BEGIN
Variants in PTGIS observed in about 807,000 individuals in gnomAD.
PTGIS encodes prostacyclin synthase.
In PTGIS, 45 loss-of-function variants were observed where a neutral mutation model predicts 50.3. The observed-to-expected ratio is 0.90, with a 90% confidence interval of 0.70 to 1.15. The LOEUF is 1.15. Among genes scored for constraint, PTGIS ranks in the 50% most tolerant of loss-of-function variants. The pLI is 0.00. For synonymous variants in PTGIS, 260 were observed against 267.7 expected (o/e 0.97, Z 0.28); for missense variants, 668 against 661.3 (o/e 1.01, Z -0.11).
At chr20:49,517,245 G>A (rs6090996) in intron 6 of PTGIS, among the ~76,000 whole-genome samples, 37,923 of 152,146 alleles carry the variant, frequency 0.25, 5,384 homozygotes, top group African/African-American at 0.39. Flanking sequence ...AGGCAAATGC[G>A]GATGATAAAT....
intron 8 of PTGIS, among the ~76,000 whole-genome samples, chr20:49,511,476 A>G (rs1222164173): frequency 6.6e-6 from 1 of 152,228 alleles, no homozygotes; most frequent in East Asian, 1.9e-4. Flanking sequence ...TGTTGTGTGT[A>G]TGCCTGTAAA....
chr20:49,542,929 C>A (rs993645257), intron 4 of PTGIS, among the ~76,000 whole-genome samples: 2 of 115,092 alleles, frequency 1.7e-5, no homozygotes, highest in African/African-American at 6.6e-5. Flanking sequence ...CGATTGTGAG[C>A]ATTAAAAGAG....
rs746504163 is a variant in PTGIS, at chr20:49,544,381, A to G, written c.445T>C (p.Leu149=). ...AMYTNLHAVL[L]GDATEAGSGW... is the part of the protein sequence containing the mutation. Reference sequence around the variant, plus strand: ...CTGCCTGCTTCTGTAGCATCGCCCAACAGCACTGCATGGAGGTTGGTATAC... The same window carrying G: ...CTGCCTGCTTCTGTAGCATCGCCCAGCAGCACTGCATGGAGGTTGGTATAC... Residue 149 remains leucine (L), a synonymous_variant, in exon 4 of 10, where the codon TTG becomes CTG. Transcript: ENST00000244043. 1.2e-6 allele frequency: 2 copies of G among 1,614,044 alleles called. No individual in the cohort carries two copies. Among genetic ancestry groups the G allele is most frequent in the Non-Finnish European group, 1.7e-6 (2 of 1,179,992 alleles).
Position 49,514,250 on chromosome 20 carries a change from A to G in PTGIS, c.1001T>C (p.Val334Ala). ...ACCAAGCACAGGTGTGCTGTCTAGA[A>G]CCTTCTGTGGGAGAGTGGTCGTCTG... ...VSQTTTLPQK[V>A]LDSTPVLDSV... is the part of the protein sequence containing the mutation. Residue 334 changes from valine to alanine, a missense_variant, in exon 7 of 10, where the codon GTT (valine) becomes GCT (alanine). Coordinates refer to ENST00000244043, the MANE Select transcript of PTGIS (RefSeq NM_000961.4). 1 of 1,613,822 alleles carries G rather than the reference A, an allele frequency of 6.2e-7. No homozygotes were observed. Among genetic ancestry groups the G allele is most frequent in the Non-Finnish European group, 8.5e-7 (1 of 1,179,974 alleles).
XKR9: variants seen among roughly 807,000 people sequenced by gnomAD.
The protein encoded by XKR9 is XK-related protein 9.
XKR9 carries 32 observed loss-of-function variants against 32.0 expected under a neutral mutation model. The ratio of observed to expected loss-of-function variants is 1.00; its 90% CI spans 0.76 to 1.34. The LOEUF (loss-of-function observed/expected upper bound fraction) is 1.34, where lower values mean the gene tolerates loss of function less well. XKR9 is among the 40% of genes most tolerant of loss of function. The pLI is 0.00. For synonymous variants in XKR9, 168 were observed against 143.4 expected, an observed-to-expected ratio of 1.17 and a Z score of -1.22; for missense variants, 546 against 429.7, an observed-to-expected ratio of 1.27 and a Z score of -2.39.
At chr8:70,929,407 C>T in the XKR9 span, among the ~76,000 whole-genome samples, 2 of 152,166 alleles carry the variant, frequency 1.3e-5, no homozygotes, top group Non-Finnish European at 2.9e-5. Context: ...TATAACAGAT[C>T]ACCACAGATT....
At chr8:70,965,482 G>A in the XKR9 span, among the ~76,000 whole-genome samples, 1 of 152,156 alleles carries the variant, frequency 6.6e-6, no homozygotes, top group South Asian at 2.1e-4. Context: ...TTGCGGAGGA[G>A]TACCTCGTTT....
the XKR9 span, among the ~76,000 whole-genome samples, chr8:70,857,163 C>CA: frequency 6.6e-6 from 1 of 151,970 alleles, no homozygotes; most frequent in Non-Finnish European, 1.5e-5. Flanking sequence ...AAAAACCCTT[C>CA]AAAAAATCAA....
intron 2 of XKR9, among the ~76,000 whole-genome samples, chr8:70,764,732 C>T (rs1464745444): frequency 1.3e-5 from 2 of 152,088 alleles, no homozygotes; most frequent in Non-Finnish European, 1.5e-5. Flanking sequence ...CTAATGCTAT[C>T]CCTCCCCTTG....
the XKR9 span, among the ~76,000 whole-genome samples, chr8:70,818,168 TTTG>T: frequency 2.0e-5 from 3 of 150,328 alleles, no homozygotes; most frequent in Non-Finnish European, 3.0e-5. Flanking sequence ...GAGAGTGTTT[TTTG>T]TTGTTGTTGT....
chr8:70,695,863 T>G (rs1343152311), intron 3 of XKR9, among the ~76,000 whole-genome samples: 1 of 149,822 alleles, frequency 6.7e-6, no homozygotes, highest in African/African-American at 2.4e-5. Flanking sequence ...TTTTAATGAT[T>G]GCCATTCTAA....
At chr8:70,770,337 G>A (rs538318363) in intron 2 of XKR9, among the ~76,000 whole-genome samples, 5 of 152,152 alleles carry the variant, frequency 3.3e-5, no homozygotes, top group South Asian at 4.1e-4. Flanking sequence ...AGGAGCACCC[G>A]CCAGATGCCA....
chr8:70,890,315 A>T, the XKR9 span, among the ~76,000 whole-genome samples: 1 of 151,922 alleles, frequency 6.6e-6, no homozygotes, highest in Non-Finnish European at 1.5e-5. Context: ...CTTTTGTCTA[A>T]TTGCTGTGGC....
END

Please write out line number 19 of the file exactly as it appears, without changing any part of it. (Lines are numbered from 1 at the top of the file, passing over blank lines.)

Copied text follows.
chr8:70,890,315 A>T, the XKR9 span, among the ~76,000 whole-genome samples: 1 of 151,922 alleles, frequency 6.6e-6, no homozygotes, highest in Non-Finnish European at 1.5e-5. Context: ...CTTTTGTCTA[A>T]TTGCTGTGGC....